Adolescent sexuality has been at the forefront of the recent “Culture Wars,” as is clear from the many news stories and political battles over issues such as sex education, teen pregnancy and STDs, Child Sexual Abuse, enhanced legal regulation of sex offenders, pedophiles on the internet, “sexting” and child pornography. On the one hand adolescents today are more sexually mature than at most historical periods: physical puberty occurs ever earlier (Moller, 1987), while children’s capacity to access the same media as adults grows ever more sophisticated. Already in 1982, Neil Postman presciently observed that electronic media had obliterated the historical technological superiority of literate adults relative to not‐yet‐fully-literate children (Postman, 1982). At that point, he was thinking mainly of television, but his observation has become even more true in the digital age, when adolescents are often the ones teaching their parents and grandparents. 1982 had not yet grasped what would be the ubiquity of MTV or cheap, highly graphic visual pornography in many parents’ closets, or if not there, on their kids’ computer screens. Children have become the most clever at accessing media at precisely the time when popular media culture is more saturated with verbal, musical, and visual images of sexuality than ever before.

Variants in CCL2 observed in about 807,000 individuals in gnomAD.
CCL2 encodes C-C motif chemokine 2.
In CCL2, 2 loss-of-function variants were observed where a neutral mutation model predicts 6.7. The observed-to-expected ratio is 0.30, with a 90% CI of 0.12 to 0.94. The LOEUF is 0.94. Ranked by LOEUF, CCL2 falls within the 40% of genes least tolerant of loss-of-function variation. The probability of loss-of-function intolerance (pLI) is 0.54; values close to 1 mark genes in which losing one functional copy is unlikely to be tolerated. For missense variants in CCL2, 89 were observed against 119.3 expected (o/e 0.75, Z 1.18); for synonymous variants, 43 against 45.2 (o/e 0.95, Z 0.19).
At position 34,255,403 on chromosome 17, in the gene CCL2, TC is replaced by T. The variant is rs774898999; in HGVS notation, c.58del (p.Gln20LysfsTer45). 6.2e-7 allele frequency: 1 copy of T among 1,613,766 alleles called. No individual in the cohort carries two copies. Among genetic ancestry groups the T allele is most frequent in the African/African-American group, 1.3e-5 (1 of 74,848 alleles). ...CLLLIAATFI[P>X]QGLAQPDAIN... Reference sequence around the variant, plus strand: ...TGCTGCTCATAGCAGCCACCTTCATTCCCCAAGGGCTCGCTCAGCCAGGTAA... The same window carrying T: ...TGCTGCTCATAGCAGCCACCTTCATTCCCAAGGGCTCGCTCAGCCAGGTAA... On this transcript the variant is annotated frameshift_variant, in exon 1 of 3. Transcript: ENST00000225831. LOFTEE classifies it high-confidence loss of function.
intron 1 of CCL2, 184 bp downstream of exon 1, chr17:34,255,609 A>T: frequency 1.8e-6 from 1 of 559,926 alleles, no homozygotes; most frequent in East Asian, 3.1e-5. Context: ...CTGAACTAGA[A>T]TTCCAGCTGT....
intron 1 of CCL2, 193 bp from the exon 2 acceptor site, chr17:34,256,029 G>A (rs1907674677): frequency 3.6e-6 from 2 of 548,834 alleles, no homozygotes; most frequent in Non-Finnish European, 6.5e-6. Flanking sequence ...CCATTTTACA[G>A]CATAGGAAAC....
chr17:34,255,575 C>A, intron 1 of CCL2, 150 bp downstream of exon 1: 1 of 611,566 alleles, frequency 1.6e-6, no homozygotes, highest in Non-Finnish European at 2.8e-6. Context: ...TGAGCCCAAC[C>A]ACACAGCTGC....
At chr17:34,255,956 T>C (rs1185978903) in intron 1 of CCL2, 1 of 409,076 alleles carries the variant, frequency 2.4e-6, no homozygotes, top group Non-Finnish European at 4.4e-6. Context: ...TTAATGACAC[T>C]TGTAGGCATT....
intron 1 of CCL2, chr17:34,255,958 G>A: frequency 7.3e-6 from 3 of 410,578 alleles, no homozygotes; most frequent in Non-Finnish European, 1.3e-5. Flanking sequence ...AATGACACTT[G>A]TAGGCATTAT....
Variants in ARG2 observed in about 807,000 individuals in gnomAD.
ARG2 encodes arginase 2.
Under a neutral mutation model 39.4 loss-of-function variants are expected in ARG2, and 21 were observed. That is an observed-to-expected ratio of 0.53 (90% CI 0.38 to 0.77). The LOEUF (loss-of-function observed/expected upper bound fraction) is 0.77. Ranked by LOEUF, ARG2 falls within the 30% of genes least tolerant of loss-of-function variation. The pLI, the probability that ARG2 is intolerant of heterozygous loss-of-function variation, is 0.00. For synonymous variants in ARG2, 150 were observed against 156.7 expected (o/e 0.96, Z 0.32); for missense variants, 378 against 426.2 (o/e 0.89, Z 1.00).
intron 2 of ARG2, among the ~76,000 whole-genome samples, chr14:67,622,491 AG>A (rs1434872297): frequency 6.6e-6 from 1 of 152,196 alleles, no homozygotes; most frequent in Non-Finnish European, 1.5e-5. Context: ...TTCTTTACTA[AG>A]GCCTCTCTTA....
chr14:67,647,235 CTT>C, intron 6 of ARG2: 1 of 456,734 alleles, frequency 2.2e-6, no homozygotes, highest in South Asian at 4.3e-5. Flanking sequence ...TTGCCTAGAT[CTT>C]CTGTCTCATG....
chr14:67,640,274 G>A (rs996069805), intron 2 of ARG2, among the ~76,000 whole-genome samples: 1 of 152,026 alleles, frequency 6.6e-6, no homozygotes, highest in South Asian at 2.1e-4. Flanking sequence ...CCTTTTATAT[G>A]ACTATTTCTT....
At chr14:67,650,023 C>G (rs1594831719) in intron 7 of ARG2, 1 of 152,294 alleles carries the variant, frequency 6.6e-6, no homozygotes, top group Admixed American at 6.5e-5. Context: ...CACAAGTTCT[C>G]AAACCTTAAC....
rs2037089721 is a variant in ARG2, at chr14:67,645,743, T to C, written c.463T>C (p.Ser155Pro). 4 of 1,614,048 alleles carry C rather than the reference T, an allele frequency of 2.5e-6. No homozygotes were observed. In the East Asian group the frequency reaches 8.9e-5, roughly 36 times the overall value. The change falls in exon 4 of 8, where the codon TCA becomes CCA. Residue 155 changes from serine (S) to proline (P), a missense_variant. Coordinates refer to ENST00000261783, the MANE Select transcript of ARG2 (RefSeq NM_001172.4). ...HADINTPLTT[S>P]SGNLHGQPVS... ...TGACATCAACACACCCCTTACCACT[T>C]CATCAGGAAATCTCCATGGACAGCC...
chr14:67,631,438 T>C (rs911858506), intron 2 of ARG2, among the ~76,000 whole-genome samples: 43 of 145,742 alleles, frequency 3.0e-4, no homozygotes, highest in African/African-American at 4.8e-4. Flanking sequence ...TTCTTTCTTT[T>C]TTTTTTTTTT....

Female Sexual Submission in 1890s' Erotica